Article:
Hand-stamped by JEAN: crafting cards to benefit others

Hand-stamped by JEAN: crafting cards to benefit others

“Well, I’ve always been into art of some kind,” tells Martha ‘Jean’ Jackson. Jackson lives with her husband of nearly 69 years, Jack, at Heritage Health and she spends a portion of her days fulfilling her artistic side by designing and creating note cards for sale in the nursing facility’s gift shop. Jackson says that her granddaughter, Amber, had made cards and “she thought Grandma would like to do it.” So, Amber contacted a local Stampin’ Up! representative Sue Scheets who taught Jackson about card-making. “I just started making more and more cards, and I liked doing it,” tells Jackson. “I went to classes in her home and then sometimes she (Scheets) comes and we talk and have a little tête à tête. She is a lovely person.” 

One reason Jackson likes to hand make the personal cards is to keep her mind busy; she has a very active mind and wanted to have something to do while in Heritage Health that was “worth something.” When she sits down to make a card, the artistic side of her brain takes over, she says, adding that she doesn’t like to look at other patterns, but prefers to completely create the look of the card on her own. Her room at Heritage Health has a whole station set up with all the components: cardstock, designer papers, and all sorts of stamps, ribbons, lace and punches. With her skills attained in past painting classes, she’ll dab extra color of paints to embellish the card – or she’ll add different “gadgets,” such as brads that can turn for additional effects. “It’s a lot of thinking and planning beforehand,” adds Jackson. She tends to create in layers, harmonizing colors and incorporating lovely ribbons and adornments to create a theme for a certain occasion – or just a generally decorated note so that the sender could add their own sentiment. For those cards on which Jackson does stamp a message, she tries to use uplifting sayings, including ‘delight in life,’ ‘happiness always’ or ‘fabulous friend.’ 

Looking through the different cards with Jackson was fun – she really has handcrafted cards for most any event. Plus, it’s obvious that she enjoys making the cards and it gives her that feeling of “worth.”  She was excited as we went through her creations, exclaiming, “Just wait ‘til I show you this next one!” “It’s so enjoyable! When you get done, you feel like you’ve really done something,” reveals Jackson.  Every one of her cards she makes now has a leaf stamp on the back, along with the text, “Hand Stamped by JEAN.”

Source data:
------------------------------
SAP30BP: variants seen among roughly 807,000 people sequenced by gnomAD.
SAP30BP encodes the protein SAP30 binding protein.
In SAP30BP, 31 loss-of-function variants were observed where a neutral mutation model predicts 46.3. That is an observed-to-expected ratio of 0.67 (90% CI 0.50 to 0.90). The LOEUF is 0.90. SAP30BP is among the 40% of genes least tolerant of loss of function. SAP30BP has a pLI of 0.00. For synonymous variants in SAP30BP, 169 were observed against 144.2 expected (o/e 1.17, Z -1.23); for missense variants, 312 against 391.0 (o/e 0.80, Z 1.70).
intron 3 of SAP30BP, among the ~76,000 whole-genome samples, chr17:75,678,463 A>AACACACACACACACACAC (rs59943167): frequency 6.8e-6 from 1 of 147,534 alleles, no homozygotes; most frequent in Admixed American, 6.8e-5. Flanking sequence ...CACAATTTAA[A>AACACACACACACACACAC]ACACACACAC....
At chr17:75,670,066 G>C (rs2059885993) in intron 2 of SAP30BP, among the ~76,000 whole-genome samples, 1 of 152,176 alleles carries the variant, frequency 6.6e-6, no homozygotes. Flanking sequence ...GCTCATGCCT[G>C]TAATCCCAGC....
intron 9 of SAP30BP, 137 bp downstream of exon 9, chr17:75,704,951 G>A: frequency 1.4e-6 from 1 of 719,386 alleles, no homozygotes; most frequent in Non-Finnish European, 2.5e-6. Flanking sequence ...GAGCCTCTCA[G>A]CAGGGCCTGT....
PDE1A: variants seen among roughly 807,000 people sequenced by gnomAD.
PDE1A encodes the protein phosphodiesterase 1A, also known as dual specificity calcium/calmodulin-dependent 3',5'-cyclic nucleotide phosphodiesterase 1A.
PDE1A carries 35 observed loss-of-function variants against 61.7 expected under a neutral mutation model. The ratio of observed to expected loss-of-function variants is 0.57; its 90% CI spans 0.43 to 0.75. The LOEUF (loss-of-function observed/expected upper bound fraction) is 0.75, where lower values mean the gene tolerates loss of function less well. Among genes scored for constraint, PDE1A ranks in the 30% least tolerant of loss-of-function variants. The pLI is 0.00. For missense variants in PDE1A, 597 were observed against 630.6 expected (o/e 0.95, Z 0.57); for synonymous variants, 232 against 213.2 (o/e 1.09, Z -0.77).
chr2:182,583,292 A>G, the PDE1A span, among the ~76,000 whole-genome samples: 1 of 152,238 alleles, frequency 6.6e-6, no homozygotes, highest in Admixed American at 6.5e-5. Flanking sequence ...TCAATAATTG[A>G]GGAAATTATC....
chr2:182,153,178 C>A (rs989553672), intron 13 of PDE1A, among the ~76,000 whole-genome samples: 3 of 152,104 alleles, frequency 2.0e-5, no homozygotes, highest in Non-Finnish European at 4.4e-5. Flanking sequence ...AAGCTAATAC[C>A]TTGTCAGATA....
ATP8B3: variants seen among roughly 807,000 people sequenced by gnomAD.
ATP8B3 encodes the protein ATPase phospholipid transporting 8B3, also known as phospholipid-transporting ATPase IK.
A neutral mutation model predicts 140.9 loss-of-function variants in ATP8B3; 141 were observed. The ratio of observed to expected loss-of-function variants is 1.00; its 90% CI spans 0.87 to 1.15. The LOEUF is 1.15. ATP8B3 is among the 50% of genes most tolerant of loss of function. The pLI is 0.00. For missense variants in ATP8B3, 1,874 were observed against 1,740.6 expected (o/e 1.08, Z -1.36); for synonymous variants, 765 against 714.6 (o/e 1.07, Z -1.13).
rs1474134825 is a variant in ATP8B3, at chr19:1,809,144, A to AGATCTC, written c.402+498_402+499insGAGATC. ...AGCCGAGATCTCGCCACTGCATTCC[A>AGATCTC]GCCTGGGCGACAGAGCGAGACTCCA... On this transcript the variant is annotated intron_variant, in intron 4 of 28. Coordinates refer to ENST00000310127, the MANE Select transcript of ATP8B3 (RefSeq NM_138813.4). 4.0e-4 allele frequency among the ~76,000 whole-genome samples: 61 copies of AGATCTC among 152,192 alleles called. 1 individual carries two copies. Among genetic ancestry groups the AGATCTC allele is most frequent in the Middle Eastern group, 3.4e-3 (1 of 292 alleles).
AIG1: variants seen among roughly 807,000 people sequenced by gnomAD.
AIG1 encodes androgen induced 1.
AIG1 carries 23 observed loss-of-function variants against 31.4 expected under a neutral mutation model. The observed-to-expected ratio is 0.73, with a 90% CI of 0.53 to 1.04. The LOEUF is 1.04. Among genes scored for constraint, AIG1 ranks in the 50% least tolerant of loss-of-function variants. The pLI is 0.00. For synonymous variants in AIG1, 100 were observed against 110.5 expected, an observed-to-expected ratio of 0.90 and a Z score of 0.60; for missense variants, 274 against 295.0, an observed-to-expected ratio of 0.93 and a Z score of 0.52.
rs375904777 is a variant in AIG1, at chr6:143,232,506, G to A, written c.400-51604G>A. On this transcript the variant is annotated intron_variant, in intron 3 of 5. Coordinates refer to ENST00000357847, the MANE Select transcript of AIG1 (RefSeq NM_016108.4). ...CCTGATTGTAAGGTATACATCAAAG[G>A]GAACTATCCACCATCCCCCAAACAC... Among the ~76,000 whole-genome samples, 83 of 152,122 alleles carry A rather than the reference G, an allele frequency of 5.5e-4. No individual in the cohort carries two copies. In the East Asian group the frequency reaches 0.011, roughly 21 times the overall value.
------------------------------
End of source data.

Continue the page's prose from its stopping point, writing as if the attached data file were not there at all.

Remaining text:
You can discover some of her handmade cards in the gift shop at Heritage Health. Jackson wanted to share her designs, so she had asked the gift shop if she could use “whatever talent I have as one of my givings…my donation to help.” She receives nothing monetarily from the sales. Rather, the “gift shop money is used directly for the residents,” says Sue Hayes, Activity Assistant at Heritage Health. Hayes explains that volunteers add to the monthly stipend, allowing the purchase of bingo candy, hospitality cart items and manicure supplies – allowing the monies earned from Jackson’s card sales to help out her fellow residents. Seems to me a “thank you card” is in order for Jackson.

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About the author

Kyla Hurt is a capable boondoggler trained in the arts; she’s also an accomplished event coordinator with experience from museum fundraising to art festivals. She enjoys puppies, sunshine, and good radishes – and wit. Wit is good, too.

View all articles by Kyla Hurt

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